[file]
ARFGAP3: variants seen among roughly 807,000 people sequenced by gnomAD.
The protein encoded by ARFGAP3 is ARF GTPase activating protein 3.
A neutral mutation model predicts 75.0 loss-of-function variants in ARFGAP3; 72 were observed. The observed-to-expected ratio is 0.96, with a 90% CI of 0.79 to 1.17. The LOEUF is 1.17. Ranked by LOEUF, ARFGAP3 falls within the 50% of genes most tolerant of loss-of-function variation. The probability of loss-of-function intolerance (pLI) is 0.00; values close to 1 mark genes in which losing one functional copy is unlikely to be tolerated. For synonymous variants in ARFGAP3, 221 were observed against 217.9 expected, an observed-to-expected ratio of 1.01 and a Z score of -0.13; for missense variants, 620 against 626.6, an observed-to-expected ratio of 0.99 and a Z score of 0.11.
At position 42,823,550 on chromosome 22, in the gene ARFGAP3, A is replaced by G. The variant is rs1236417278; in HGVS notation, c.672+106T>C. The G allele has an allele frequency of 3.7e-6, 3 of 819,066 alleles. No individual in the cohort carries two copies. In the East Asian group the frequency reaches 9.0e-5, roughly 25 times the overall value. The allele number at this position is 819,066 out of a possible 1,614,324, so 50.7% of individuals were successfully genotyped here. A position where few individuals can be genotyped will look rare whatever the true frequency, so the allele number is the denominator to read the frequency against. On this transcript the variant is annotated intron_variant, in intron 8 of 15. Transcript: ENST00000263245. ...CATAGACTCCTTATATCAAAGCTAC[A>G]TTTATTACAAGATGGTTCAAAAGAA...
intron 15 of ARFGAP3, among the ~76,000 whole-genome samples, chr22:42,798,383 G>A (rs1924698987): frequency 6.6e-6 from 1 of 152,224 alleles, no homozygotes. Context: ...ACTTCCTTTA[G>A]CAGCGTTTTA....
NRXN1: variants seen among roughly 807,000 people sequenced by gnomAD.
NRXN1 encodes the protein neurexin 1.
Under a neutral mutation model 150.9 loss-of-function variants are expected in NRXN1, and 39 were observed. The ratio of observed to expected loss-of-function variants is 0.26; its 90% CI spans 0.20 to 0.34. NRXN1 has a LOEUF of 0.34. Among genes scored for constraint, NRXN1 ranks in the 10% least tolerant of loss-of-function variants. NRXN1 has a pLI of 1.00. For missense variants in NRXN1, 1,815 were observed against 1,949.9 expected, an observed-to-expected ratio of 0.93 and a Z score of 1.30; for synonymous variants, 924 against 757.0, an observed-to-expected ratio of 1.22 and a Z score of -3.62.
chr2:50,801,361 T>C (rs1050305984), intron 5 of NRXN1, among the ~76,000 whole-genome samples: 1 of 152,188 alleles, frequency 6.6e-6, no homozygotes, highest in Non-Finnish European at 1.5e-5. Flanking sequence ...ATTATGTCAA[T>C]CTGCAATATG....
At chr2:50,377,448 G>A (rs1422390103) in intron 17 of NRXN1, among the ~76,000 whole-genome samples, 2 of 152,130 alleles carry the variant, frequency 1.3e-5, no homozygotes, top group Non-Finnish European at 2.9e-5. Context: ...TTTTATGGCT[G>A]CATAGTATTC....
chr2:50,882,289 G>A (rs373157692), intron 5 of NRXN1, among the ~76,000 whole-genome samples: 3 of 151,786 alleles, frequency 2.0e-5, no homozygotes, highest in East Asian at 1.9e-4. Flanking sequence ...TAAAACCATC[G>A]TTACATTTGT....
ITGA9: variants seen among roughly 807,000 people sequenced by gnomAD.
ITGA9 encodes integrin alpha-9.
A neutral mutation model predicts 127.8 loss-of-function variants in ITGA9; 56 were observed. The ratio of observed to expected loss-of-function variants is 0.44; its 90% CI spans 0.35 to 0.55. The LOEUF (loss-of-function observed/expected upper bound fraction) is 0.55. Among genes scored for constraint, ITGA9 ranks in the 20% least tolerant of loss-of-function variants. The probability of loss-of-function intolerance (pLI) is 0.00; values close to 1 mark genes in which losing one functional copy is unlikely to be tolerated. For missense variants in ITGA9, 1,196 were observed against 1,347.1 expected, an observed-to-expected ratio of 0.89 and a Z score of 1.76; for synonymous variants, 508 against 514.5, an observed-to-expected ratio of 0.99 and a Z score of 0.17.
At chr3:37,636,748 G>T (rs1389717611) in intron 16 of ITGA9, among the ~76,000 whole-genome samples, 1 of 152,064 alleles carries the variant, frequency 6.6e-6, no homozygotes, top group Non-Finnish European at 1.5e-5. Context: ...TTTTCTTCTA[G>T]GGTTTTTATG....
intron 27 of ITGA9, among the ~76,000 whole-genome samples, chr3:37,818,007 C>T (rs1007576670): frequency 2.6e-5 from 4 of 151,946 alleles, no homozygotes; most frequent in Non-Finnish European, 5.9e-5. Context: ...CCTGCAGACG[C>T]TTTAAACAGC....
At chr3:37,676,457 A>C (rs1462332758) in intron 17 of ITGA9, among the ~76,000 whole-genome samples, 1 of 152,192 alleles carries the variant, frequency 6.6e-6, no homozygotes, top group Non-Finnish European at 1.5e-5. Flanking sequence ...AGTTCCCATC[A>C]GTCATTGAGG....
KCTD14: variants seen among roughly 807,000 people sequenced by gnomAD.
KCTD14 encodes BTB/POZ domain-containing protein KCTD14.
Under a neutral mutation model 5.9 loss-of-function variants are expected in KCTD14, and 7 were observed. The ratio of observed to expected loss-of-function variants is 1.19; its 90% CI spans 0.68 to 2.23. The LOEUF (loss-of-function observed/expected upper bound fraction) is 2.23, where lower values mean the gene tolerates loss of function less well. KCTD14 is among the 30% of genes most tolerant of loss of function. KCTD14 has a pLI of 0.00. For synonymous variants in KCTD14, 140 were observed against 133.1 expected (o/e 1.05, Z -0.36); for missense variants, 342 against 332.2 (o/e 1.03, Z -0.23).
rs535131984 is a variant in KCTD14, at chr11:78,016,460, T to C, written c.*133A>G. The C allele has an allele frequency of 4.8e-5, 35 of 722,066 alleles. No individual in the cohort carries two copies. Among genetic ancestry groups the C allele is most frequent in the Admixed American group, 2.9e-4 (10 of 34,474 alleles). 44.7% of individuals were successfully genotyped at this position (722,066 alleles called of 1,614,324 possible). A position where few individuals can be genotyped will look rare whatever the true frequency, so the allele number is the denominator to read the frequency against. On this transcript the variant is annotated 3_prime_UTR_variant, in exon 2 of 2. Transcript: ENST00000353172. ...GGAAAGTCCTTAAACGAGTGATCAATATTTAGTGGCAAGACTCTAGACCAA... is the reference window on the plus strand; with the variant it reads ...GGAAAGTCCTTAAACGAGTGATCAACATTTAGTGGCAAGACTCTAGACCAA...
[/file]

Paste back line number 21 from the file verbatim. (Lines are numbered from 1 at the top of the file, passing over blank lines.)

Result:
rs535131984 is a variant in KCTD14, at chr11:78,016,460, T to C, written c.*133A>G. The C allele has an allele frequency of 4.8e-5, 35 of 722,066 alleles. No individual in the cohort carries two copies. Among genetic ancestry groups the C allele is most frequent in the Admixed American group, 2.9e-4 (10 of 34,474 alleles). 44.7% of individuals were successfully genotyped at this position (722,066 alleles called of 1,614,324 possible). A position where few individuals can be genotyped will look rare whatever the true frequency, so the allele number is the denominator to read the frequency against. On this transcript the variant is annotated 3_prime_UTR_variant, in exon 2 of 2. Transcript: ENST00000353172. ...GGAAAGTCCTTAAACGAGTGATCAATATTTAGTGGCAAGACTCTAGACCAA... is the reference window on the plus strand; with the variant it reads ...GGAAAGTCCTTAAACGAGTGATCAACATTTAGTGGCAAGACTCTAGACCAA...